I have several different needs on my website and I am thinking of using different CMSes - in each case, the one that most closely matches the needs of each page. Is this recommended?
Not recommended. You haven't provided much information, but I can't think of a situation where this would be a good idea. Here are some potential issues:
- Each CMS probably works best if it is the only one on the site and you might end up with conflicting requirements if you try to combine them (e.g. in the rules for rewriting URLs).
- It will be a lot of (messy) work to integrate different CMS's for single sign on. This problem is multiplied if your readers will also log in at some point.
- As John said, maintenance of a single CMS is work. Maintaining multiple CMS's that have been integrated sounds like a nightmare.
- You will have to learn the ins and outs multiple CMS's. To reach proficiency in one will take time. You will probably never master more than one.
- You have said nothing about your particular application, but I worry about the complexity of what you're building if none of the (these days very powerful) CMS's is sufficient.
You will be much better off mastering a single CMS and extending it to meet your needs. Wordpress or Drupal can both do almost anything. Wordpress is easier to start with, but is definitely blog centric. Drupal is more general.
Within each of these platforms there is a lot of flexibility to add different functionality through extensibility and plugins, either your own custom stuff, or freely available options (e.g. in the Wordpress case, forum components like SimplePress and bbPress).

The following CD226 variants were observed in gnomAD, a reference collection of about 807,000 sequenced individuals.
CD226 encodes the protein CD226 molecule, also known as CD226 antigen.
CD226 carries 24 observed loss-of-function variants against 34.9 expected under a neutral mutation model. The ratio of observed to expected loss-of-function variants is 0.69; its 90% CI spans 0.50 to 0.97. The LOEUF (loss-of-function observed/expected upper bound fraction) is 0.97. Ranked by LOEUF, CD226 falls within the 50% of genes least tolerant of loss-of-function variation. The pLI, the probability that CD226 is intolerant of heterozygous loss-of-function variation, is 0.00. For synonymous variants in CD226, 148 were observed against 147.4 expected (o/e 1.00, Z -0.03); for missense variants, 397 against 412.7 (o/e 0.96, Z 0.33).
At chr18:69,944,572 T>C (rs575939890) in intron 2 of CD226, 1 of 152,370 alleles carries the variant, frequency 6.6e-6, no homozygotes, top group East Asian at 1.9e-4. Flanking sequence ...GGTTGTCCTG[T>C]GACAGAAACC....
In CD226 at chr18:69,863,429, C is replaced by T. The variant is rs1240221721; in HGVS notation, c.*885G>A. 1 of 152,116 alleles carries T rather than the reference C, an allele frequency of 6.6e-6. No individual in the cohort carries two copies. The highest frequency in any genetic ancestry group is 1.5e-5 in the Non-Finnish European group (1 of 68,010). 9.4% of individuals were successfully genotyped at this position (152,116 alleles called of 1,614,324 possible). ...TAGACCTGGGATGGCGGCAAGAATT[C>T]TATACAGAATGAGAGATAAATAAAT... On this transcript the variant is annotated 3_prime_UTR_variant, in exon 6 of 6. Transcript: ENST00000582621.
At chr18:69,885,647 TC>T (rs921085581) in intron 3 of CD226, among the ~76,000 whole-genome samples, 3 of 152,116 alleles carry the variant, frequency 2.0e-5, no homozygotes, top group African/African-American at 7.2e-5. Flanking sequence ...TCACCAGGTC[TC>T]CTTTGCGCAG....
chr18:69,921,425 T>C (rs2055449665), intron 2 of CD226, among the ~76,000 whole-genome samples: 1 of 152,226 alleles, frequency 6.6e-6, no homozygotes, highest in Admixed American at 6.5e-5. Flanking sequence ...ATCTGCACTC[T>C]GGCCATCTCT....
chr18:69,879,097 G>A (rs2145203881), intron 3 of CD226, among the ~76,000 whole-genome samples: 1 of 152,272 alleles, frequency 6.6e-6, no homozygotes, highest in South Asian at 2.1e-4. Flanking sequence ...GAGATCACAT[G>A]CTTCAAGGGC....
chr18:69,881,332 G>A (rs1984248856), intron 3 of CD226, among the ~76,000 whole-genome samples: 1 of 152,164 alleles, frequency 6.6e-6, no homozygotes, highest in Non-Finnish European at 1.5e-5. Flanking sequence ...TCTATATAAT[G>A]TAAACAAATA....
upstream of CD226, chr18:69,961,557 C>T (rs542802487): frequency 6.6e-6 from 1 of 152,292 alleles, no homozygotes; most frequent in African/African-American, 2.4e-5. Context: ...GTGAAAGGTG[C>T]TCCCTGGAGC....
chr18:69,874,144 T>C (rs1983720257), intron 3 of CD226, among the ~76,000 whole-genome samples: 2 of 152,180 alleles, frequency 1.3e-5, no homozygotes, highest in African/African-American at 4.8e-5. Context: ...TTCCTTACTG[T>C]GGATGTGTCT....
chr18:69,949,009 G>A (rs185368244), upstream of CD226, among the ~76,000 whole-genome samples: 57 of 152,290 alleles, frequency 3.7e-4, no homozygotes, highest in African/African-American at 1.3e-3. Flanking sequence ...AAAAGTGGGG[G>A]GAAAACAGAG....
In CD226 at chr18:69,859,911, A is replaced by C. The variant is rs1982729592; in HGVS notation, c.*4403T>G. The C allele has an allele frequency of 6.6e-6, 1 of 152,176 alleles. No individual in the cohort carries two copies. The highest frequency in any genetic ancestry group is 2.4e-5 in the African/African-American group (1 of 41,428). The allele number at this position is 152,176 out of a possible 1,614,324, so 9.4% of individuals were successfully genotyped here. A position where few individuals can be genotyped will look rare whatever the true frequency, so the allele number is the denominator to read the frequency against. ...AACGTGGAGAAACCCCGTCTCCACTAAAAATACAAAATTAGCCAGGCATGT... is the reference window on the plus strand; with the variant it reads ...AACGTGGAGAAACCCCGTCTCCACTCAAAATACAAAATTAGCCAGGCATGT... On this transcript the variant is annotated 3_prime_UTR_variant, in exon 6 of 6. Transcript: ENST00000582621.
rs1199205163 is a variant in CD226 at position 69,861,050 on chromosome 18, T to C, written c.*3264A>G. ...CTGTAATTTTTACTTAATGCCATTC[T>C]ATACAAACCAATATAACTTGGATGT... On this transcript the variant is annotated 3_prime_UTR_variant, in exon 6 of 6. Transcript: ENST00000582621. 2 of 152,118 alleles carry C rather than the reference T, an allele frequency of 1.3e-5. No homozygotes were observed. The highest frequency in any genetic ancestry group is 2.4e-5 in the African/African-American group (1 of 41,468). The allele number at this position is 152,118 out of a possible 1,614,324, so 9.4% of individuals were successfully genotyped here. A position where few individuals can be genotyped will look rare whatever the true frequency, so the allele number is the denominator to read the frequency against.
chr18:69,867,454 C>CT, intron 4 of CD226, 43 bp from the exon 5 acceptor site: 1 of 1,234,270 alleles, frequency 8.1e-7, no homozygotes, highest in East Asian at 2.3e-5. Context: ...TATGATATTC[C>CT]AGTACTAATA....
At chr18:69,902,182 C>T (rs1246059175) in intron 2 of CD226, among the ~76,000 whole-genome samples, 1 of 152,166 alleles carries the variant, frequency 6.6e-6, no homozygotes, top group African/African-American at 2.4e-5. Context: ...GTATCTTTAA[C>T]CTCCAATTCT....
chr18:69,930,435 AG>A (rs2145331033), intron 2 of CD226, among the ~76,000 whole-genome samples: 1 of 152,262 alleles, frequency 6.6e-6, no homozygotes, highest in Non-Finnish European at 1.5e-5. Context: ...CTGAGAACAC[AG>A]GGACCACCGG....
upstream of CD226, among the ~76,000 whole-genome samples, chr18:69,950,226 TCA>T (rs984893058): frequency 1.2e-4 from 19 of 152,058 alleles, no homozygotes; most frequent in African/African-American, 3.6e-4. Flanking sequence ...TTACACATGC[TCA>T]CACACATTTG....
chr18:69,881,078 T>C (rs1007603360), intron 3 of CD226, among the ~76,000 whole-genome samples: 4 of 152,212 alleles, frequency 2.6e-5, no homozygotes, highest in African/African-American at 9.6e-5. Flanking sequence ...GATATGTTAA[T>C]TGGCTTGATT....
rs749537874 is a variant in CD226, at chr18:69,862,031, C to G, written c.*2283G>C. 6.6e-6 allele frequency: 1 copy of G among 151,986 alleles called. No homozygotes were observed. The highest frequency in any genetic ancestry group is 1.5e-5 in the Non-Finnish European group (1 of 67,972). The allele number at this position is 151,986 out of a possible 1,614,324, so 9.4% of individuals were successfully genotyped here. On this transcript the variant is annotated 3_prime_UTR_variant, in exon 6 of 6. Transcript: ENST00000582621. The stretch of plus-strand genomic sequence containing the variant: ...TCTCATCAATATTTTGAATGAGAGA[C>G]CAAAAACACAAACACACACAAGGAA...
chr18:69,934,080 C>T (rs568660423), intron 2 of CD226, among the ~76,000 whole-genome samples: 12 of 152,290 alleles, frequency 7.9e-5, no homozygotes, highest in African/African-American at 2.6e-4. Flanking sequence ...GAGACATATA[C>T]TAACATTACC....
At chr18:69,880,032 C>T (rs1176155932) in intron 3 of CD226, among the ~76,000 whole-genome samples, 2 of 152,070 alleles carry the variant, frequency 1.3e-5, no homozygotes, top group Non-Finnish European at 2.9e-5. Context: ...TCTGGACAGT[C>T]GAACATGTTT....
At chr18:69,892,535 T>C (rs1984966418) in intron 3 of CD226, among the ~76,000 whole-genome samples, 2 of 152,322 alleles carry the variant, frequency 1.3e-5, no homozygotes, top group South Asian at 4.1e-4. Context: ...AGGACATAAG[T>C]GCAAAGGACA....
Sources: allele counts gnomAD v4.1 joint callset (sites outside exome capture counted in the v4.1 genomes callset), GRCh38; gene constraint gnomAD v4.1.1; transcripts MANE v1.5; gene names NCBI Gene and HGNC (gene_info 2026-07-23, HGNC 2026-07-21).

I also have to say that the fact that you are evaluating your requirements against a set of CMS "features" suggests that you alone may not have the technical depth (yet) to take on a project of a complexity that won't be satisfied by any one of them. Consider approaching a Wordpress or Drupal developer and ask them whether your requirements can be met with either of those platforms.
The more CMSes you use the more bug fixes, security holes, and updates you have to keep up with. It also means more training time as each CMS will operate differently. Plus there's always the risk that two or more may become incompatible over time which means a lot of potential work to correct it (and that may require completing removing on of them).
CMSes are designed to handle lots of content types. If not out of the box then through plug-ins. The odds of you needed multiple CMSes is small to begin with and with enough research and effort you can find one that achieves your goals.